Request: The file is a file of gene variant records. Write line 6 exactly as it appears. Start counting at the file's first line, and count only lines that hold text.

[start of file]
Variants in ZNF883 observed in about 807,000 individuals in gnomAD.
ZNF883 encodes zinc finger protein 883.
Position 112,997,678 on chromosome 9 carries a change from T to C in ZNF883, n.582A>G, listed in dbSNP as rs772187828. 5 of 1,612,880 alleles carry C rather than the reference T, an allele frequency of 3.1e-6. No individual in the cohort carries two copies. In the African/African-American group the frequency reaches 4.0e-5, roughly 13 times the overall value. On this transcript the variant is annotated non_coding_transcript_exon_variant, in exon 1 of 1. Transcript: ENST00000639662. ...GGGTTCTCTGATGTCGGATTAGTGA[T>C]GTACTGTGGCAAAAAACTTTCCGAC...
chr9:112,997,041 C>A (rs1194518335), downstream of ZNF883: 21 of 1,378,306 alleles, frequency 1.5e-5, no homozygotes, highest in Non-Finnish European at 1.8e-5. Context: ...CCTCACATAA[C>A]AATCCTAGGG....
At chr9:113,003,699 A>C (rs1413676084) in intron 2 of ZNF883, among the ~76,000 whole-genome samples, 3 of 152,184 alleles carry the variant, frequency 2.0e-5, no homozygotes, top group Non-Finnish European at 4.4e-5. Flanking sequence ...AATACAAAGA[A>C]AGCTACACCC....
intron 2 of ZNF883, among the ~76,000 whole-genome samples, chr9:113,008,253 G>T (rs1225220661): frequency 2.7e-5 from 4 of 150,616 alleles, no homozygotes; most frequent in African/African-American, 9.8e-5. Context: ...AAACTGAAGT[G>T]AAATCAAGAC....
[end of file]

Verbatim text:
intron 2 of ZNF883, among the ~76,000 whole-genome samples, chr9:113,008,253 G>T (rs1225220661): frequency 2.7e-5 from 4 of 150,616 alleles, no homozygotes; most frequent in African/African-American, 9.8e-5. Context: ...AAACTGAAGT[G>T]AAATCAAGAC....